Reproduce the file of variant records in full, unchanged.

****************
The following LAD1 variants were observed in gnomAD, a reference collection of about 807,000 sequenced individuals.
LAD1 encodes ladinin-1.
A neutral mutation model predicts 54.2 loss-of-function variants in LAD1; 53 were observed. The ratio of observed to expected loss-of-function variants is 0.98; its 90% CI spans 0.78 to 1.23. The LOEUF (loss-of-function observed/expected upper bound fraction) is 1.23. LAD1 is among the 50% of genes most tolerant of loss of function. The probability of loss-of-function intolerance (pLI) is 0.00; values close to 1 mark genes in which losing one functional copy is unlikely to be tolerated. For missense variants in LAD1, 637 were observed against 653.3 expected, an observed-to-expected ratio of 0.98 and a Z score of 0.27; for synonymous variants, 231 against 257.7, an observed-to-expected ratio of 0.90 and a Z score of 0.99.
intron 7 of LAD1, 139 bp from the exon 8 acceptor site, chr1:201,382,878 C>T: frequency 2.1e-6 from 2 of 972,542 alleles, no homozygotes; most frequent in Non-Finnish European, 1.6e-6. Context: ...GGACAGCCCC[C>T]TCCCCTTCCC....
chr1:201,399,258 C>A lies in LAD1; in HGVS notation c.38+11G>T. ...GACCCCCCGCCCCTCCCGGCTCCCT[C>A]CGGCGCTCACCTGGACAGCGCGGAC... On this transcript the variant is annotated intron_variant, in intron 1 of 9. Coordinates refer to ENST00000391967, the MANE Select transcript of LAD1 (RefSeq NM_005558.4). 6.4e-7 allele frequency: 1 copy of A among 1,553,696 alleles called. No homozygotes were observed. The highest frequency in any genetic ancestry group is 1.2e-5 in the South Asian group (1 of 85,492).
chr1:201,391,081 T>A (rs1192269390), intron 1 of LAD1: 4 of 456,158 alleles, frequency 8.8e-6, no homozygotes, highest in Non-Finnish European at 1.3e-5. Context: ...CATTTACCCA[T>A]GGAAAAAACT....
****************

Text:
The following LAD1 variants were observed in gnomAD, a reference collection of about 807,000 sequenced individuals.
LAD1 encodes ladinin-1.
A neutral mutation model predicts 54.2 loss-of-function variants in LAD1; 53 were observed. The ratio of observed to expected loss-of-function variants is 0.98; its 90% CI spans 0.78 to 1.23. The LOEUF (loss-of-function observed/expected upper bound fraction) is 1.23. LAD1 is among the 50% of genes most tolerant of loss of function. The probability of loss-of-function intolerance (pLI) is 0.00; values close to 1 mark genes in which losing one functional copy is unlikely to be tolerated. For missense variants in LAD1, 637 were observed against 653.3 expected, an observed-to-expected ratio of 0.98 and a Z score of 0.27; for synonymous variants, 231 against 257.7, an observed-to-expected ratio of 0.90 and a Z score of 0.99.
intron 7 of LAD1, 139 bp from the exon 8 acceptor site, chr1:201,382,878 C>T: frequency 2.1e-6 from 2 of 972,542 alleles, no homozygotes; most frequent in Non-Finnish European, 1.6e-6. Context: ...GGACAGCCCC[C>T]TCCCCTTCCC....
chr1:201,399,258 C>A lies in LAD1; in HGVS notation c.38+11G>T. ...GACCCCCCGCCCCTCCCGGCTCCCT[C>A]CGGCGCTCACCTGGACAGCGCGGAC... On this transcript the variant is annotated intron_variant, in intron 1 of 9. Coordinates refer to ENST00000391967, the MANE Select transcript of LAD1 (RefSeq NM_005558.4). 6.4e-7 allele frequency: 1 copy of A among 1,553,696 alleles called. No homozygotes were observed. The highest frequency in any genetic ancestry group is 1.2e-5 in the South Asian group (1 of 85,492).
chr1:201,391,081 T>A (rs1192269390), intron 1 of LAD1: 4 of 456,158 alleles, frequency 8.8e-6, no homozygotes, highest in Non-Finnish European at 1.3e-5. Context: ...CATTTACCCA[T>A]GGAAAAAACT....